Seven Good Reasons We Shouldn’t Take This Trip

1. The American economy is tanking, and it’s a deep, deep pool. Where people gladly took dollars, they now sneer at our greenbacks and demand local currency or Euros. Everything is more expensive than it was just a year ago.

2. America isn’t winning the World’s Most Popular Country competition. In fact, we were eliminated in the first round, not even getting a chance to show off our star-spangled bikini. People dislike and distrust America. We’re going to have to constantly defend our country, or at least listen to a lot of criticism.

3. Jeff’s just finishing his PhD in Neuroscience and the traditional next step is to move directly into a post-doc. Some labs might not look kindly on him being away from the science world for a year. Not all science nerds understand that there is life beyond the lab.

4. I have a permanent federal job. To a lot of people in DC, this is equivalent to winning the lottery. It’s practically impossible to fire me, and if I stay in my job, at age 50, I’ll have put in enough years to get a full federal pension. And these days pensions are as rare as flying pigs.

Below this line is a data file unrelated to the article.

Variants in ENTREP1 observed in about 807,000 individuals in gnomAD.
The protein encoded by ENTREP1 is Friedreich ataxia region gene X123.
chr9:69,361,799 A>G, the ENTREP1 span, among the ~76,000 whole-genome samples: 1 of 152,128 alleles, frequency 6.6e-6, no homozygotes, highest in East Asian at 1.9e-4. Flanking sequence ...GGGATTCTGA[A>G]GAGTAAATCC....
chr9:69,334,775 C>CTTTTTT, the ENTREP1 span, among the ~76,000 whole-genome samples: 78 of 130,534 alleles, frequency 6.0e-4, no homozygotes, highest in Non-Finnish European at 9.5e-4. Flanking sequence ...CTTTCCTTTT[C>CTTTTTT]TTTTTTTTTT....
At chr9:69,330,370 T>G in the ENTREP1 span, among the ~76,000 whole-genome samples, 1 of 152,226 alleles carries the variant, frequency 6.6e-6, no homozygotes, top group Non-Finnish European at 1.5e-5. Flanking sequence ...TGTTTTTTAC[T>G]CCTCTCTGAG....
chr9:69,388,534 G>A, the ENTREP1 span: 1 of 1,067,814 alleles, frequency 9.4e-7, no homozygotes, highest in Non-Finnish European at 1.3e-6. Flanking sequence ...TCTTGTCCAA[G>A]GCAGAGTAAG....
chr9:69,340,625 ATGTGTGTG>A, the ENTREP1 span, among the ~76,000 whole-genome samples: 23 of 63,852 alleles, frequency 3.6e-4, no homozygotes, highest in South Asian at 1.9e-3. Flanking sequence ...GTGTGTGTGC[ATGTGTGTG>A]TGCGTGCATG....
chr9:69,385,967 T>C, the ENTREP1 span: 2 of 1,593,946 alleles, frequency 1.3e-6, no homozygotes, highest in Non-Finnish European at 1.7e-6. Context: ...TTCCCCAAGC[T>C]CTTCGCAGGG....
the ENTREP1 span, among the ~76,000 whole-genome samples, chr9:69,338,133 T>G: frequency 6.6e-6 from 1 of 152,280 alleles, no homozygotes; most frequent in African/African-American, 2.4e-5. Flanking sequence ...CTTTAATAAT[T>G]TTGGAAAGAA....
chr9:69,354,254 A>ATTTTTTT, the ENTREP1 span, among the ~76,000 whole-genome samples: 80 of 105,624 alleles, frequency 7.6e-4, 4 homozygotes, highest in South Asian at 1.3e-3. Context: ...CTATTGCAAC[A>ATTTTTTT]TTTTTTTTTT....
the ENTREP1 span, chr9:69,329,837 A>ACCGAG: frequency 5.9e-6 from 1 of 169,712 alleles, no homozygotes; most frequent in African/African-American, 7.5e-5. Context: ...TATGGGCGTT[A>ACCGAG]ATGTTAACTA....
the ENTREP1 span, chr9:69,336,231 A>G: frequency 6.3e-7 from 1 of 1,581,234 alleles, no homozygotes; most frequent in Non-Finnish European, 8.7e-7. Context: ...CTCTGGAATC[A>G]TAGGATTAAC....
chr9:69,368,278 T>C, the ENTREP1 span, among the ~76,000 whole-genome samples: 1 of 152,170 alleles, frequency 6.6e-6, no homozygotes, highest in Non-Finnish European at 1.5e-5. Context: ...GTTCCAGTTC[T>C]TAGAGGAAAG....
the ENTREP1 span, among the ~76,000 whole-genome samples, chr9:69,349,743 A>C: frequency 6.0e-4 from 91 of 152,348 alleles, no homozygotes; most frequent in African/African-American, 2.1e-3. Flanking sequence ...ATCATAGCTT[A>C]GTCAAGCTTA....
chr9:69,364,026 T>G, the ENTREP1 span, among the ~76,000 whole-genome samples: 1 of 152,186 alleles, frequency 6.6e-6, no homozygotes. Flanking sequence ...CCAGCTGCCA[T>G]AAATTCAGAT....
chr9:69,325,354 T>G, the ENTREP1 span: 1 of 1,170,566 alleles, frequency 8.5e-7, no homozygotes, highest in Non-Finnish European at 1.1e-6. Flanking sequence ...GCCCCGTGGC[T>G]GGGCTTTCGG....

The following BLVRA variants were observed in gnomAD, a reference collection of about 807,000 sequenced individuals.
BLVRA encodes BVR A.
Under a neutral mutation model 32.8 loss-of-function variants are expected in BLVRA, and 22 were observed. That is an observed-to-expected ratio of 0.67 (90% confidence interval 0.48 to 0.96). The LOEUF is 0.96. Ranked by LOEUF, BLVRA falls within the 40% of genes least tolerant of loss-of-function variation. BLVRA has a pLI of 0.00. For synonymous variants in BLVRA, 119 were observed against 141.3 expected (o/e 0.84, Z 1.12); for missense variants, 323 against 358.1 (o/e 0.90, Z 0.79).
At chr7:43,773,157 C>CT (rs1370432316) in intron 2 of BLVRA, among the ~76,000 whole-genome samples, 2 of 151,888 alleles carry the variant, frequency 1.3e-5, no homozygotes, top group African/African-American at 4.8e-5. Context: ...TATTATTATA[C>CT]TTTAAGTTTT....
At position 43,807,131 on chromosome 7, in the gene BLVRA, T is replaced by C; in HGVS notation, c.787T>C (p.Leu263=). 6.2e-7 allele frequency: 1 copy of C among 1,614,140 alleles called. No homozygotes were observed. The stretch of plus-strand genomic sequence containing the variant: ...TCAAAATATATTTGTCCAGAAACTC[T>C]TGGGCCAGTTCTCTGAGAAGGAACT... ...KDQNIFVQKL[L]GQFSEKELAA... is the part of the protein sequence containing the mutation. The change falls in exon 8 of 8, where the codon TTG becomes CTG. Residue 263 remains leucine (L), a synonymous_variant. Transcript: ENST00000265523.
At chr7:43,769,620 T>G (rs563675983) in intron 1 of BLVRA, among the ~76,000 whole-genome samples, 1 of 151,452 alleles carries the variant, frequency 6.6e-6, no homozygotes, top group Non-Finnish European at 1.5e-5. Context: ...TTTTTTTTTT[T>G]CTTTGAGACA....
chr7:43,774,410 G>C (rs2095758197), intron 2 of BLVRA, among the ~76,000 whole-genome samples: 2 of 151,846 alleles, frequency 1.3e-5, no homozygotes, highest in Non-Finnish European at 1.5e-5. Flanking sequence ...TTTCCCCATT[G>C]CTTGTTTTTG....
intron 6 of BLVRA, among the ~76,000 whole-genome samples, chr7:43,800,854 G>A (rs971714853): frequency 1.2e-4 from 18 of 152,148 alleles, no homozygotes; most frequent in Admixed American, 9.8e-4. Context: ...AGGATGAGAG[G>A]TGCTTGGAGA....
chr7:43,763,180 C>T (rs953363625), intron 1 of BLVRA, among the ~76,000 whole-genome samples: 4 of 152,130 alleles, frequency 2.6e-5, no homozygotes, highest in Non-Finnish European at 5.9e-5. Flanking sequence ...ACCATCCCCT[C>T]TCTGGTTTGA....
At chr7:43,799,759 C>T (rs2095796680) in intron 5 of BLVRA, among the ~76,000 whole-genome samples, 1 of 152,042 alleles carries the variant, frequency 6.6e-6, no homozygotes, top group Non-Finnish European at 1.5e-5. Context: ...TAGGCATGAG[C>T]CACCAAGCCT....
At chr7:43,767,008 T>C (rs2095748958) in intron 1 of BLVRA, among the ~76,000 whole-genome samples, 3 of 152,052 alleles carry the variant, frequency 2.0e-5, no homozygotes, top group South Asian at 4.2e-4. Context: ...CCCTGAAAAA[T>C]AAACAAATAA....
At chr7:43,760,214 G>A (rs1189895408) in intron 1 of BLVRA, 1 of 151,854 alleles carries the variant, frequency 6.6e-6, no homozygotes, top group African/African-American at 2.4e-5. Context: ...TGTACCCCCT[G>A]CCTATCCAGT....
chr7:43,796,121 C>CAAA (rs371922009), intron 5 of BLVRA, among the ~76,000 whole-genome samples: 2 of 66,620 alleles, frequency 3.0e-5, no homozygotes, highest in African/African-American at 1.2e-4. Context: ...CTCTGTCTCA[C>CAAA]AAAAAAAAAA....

5. I’m about to get some good projects at work and I’m up for a promotion, which I’m likely to get. Considering I haven’t so much as gotten a free cupcake at my work, this is the big time.

6. The airline industry is in shambles. We could be dealing with a lot of hassles as airlines go under, merge, and lose baggage at an even more astounding rate than normal.

7. Moving is a pain. The boxes, the deciding what to keep and what to get rid of, the driving of a monstrous truck 500 miles, the bribing people with pizza to help you carry your couch, the discovery of God only knows what under furniture you haven’t cleaned under in four years… We have a good apartment and good friends, and we’re perfectly content not knowing what lies between the counter and the stove. Staying put would be much, much easier.

But still, there’s one good reason—a reason that trumps all reasons—why we should take this trip:

Nothing but this moment is guaranteed.

We are not promised tomorrow. We are not promised five years from now. We are not promised eighty years. Hopefully we make it to all of those milestones, but I’m not going to wait and see. Instead, I’m going to live for today.

And if I do make it to 50, 65, 80, 100, then I’ll have a darn good time sitting on my front porch talking about all the adventures I had rather than dwelling on all the things I wish I had done. Unless I’m still out having adventures, which is, of course, the plan.